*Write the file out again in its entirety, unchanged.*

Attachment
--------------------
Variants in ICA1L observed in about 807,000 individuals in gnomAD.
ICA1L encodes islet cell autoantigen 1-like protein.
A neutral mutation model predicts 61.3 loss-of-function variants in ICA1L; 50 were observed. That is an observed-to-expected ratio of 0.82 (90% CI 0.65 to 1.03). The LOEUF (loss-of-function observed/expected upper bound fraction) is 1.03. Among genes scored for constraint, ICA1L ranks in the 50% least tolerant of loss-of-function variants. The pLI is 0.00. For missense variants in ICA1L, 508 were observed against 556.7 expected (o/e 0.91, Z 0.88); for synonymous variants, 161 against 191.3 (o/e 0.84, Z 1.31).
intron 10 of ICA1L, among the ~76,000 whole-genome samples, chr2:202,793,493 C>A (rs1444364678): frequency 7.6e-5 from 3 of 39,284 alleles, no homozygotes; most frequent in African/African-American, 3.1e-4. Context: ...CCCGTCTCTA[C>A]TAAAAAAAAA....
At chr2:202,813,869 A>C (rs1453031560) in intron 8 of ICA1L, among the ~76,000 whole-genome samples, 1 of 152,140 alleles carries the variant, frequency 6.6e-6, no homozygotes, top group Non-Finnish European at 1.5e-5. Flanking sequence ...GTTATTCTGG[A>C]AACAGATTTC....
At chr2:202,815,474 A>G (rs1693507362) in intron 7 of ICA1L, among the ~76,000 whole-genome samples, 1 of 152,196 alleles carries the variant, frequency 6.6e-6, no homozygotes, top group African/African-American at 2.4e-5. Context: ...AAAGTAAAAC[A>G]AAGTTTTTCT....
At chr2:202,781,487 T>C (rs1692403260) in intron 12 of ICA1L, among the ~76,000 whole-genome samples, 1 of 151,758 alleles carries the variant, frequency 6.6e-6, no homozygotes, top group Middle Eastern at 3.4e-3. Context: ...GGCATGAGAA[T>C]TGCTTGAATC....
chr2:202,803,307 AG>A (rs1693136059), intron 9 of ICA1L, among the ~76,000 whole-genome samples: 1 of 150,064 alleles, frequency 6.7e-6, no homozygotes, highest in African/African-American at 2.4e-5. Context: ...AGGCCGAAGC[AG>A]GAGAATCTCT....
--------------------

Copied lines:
Variants in ICA1L observed in about 807,000 individuals in gnomAD.
ICA1L encodes islet cell autoantigen 1-like protein.
A neutral mutation model predicts 61.3 loss-of-function variants in ICA1L; 50 were observed. That is an observed-to-expected ratio of 0.82 (90% CI 0.65 to 1.03). The LOEUF (loss-of-function observed/expected upper bound fraction) is 1.03. Among genes scored for constraint, ICA1L ranks in the 50% least tolerant of loss-of-function variants. The pLI is 0.00. For missense variants in ICA1L, 508 were observed against 556.7 expected (o/e 0.91, Z 0.88); for synonymous variants, 161 against 191.3 (o/e 0.84, Z 1.31).
intron 10 of ICA1L, among the ~76,000 whole-genome samples, chr2:202,793,493 C>A (rs1444364678): frequency 7.6e-5 from 3 of 39,284 alleles, no homozygotes; most frequent in African/African-American, 3.1e-4. Context: ...CCCGTCTCTA[C>A]TAAAAAAAAA....
At chr2:202,813,869 A>C (rs1453031560) in intron 8 of ICA1L, among the ~76,000 whole-genome samples, 1 of 152,140 alleles carries the variant, frequency 6.6e-6, no homozygotes, top group Non-Finnish European at 1.5e-5. Flanking sequence ...GTTATTCTGG[A>C]AACAGATTTC....
At chr2:202,815,474 A>G (rs1693507362) in intron 7 of ICA1L, among the ~76,000 whole-genome samples, 1 of 152,196 alleles carries the variant, frequency 6.6e-6, no homozygotes, top group African/African-American at 2.4e-5. Context: ...AAAGTAAAAC[A>G]AAGTTTTTCT....
At chr2:202,781,487 T>C (rs1692403260) in intron 12 of ICA1L, among the ~76,000 whole-genome samples, 1 of 151,758 alleles carries the variant, frequency 6.6e-6, no homozygotes, top group Middle Eastern at 3.4e-3. Context: ...GGCATGAGAA[T>C]TGCTTGAATC....
chr2:202,803,307 AG>A (rs1693136059), intron 9 of ICA1L, among the ~76,000 whole-genome samples: 1 of 150,064 alleles, frequency 6.7e-6, no homozygotes, highest in African/African-American at 2.4e-5. Context: ...AGGCCGAAGC[AG>A]GAGAATCTCT....